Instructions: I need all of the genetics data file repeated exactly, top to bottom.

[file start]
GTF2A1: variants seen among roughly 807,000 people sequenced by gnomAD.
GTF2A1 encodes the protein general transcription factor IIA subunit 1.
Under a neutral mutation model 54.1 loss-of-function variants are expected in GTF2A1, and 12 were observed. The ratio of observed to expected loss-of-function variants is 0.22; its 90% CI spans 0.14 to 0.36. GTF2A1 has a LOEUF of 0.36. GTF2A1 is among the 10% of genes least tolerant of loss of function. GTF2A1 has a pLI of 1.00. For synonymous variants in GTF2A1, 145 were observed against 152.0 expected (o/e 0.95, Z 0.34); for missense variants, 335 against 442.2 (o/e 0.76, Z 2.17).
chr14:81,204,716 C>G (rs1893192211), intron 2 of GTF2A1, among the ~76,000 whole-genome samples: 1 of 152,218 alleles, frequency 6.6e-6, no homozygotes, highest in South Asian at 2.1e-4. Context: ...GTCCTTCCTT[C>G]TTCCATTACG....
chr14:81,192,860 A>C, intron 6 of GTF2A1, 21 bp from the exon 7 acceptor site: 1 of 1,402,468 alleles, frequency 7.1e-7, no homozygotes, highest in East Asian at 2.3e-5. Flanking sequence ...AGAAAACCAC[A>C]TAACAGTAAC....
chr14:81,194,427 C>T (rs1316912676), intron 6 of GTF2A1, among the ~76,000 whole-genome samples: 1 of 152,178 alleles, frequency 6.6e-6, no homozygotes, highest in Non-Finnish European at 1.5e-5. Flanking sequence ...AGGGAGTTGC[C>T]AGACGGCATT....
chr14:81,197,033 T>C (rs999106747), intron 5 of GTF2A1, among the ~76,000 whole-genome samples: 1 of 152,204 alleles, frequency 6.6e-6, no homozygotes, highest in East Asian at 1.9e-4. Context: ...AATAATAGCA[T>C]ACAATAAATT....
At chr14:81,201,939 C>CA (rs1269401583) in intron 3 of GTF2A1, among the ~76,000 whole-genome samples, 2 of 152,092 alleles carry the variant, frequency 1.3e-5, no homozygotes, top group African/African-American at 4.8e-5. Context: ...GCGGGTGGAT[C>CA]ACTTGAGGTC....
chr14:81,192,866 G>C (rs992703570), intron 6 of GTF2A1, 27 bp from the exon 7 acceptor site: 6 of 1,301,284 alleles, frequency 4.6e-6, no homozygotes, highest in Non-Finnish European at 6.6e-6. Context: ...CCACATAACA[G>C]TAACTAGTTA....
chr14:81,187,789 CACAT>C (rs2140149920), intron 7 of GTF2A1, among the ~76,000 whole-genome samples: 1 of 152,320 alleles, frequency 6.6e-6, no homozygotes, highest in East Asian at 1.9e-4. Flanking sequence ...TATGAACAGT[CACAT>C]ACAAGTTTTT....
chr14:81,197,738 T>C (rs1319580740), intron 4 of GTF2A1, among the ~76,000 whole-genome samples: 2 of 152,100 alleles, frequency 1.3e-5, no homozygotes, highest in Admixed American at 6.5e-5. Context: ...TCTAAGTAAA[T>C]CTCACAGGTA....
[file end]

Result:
GTF2A1: variants seen among roughly 807,000 people sequenced by gnomAD.
GTF2A1 encodes the protein general transcription factor IIA subunit 1.
Under a neutral mutation model 54.1 loss-of-function variants are expected in GTF2A1, and 12 were observed. The ratio of observed to expected loss-of-function variants is 0.22; its 90% CI spans 0.14 to 0.36. GTF2A1 has a LOEUF of 0.36. GTF2A1 is among the 10% of genes least tolerant of loss of function. GTF2A1 has a pLI of 1.00. For synonymous variants in GTF2A1, 145 were observed against 152.0 expected (o/e 0.95, Z 0.34); for missense variants, 335 against 442.2 (o/e 0.76, Z 2.17).
chr14:81,204,716 C>G (rs1893192211), intron 2 of GTF2A1, among the ~76,000 whole-genome samples: 1 of 152,218 alleles, frequency 6.6e-6, no homozygotes, highest in South Asian at 2.1e-4. Context: ...GTCCTTCCTT[C>G]TTCCATTACG....
chr14:81,192,860 A>C, intron 6 of GTF2A1, 21 bp from the exon 7 acceptor site: 1 of 1,402,468 alleles, frequency 7.1e-7, no homozygotes, highest in East Asian at 2.3e-5. Flanking sequence ...AGAAAACCAC[A>C]TAACAGTAAC....
chr14:81,194,427 C>T (rs1316912676), intron 6 of GTF2A1, among the ~76,000 whole-genome samples: 1 of 152,178 alleles, frequency 6.6e-6, no homozygotes, highest in Non-Finnish European at 1.5e-5. Flanking sequence ...AGGGAGTTGC[C>T]AGACGGCATT....
chr14:81,197,033 T>C (rs999106747), intron 5 of GTF2A1, among the ~76,000 whole-genome samples: 1 of 152,204 alleles, frequency 6.6e-6, no homozygotes, highest in East Asian at 1.9e-4. Context: ...AATAATAGCA[T>C]ACAATAAATT....
At chr14:81,201,939 C>CA (rs1269401583) in intron 3 of GTF2A1, among the ~76,000 whole-genome samples, 2 of 152,092 alleles carry the variant, frequency 1.3e-5, no homozygotes, top group African/African-American at 4.8e-5. Context: ...GCGGGTGGAT[C>CA]ACTTGAGGTC....
chr14:81,192,866 G>C (rs992703570), intron 6 of GTF2A1, 27 bp from the exon 7 acceptor site: 6 of 1,301,284 alleles, frequency 4.6e-6, no homozygotes, highest in Non-Finnish European at 6.6e-6. Context: ...CCACATAACA[G>C]TAACTAGTTA....
chr14:81,187,789 CACAT>C (rs2140149920), intron 7 of GTF2A1, among the ~76,000 whole-genome samples: 1 of 152,320 alleles, frequency 6.6e-6, no homozygotes, highest in East Asian at 1.9e-4. Flanking sequence ...TATGAACAGT[CACAT>C]ACAAGTTTTT....
chr14:81,197,738 T>C (rs1319580740), intron 4 of GTF2A1, among the ~76,000 whole-genome samples: 2 of 152,100 alleles, frequency 1.3e-5, no homozygotes, highest in Admixed American at 6.5e-5. Context: ...TCTAAGTAAA[T>C]CTCACAGGTA....